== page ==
Several factors must be considered when deciding whether or not to quarantine an animal before introducing it into your aquarium, or when providing medication. The use of a quarantine aquarium requires the animal to adapt to an additional change in environment and water conditions. Such changes are stressful in and of themselves and may make recovery from illness more difficult.
Many hobbyists keep newly acquired animals separated from their collection for a three to four week period to assess the animals' health and to be sure that they will not introduce disease or parasites into the main aquarium. In general, quarantine aquariums should be sparsely furnished so they can be easily cleaned when new animals are introduced, and so the confined creature is more readily observed. However, you must be sure to meet the quarantined animal's environmental needs and to provide it with shelter, if necessary. For this reason, animals that require complex, well planted exhibits are more difficult to quarantine than are less sensitive species.
It is vital that the quarantine aquarium's physical parameters, such as temperature, pH, and specific gravity be very close to those that the animal will experience once it is introduced into the main aquarium. One exception to this rule might be in the case of salinity when dealing with marine animals. While most marine fish can tolerate a slightly lower than usual salinity, such as 1.018, most of their parasites cannot. Especially when keeping wild caught marine species, therefore, you might consider quarantining the animals at this lower salinity.
Any change in environment is a potential stress, so fish and invertebrates that have been kept in a quarantine aquarium must be very carefully introduced into the main aquarium, even if water quality conditions are similar. This is especially true if you have kept marine fish at a low salinity to combat parasites.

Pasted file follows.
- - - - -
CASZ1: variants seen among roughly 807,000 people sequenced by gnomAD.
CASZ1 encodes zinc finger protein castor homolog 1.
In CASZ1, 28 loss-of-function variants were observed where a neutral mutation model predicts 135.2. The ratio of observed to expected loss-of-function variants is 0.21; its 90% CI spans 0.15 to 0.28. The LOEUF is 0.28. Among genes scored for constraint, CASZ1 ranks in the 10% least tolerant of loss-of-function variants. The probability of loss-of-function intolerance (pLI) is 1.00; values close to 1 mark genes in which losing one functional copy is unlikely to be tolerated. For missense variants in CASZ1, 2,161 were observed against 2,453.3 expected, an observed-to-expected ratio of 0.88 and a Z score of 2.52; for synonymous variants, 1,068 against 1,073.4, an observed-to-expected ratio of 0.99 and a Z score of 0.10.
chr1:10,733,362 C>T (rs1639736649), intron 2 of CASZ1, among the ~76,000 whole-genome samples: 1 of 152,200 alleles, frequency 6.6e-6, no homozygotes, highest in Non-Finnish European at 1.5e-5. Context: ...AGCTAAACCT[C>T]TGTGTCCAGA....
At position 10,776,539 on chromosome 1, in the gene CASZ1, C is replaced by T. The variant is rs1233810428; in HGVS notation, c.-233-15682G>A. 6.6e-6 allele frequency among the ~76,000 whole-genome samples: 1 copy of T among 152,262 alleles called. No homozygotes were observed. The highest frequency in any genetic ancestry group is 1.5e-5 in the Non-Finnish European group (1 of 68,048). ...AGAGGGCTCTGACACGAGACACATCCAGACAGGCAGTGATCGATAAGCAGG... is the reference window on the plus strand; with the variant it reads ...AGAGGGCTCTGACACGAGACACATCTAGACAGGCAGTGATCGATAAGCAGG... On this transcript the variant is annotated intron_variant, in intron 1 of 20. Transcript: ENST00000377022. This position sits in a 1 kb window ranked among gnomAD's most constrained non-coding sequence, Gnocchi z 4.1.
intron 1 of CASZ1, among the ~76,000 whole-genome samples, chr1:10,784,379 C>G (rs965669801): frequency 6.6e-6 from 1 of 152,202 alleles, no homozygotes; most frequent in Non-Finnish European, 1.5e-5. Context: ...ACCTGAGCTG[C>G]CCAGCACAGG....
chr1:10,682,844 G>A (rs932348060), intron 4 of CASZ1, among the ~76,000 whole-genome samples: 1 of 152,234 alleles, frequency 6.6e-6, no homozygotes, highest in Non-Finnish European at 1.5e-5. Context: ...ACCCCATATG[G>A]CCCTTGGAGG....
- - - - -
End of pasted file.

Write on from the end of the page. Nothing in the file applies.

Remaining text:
The quarantine aquarium must, of course, be kept extremely clean. Therefore, you should employ an effective but easily maintained filtration system. Since aesthetics are not your main concern here, a simple box filter placed within the aquarium may suffice. Be sure that the biological capacity of the filter is maintained. To do this, the beneficial aerobic bacteria in the filter must be provided with a food source. During periods when the quarantine aquarium is empty, be sure to add commercial preparations that provide food for the beneficial bacteria, or introduce commercially available aerobic bacteria before adding fish to the tank.
It is sometimes possible to treat an ailing fish within the main aquarium. This is especially possible if the animal is the aquarium's sole inhabitant, or if its tank mates will likely be affected by the disease as well.
Often, however, it is advisable to isolate a sick fish before trying to cure an illness with medication. Isolation will often be necessary when you are medicating fish housed in aquariums that contain invertebrates as well. Copper is the most common ingredient in medications designed to kill fish parasites. Most aquarium invertebrates cannot, however, tolerate even the slightest bit of copper in the water, so you will need to remove either them or the fish that is being treated before using such medications.
Certain medications will kill the beneficial aerobic bacteria living in your filtration system. To avoid a crash of your main tank's system, ill fish should be removed from the tank and treated separately if these medications are required. Of course, bear in mind that the quarantine aquarium's beneficial bacteria will also be killed off, so be sure to keep an eye on water quality.
Fish that lack scales may be weakened or even killed by certain medications that are safe for other fish. Loaches and both freshwater and marine catfish and eels are particularly sensitive to a wide variety of chemicals. Be sure to read all directions carefully before medicating tanks containing such species.
Another factor to consider is that certain filtration materials, most especially activated carbon, will effectively remove medications from aquarium water, thereby negating their effect upon the sick fish. Read the directions carefully to determine whether or not you should remove activated carbon and other such materials from the filter before using the medication in question.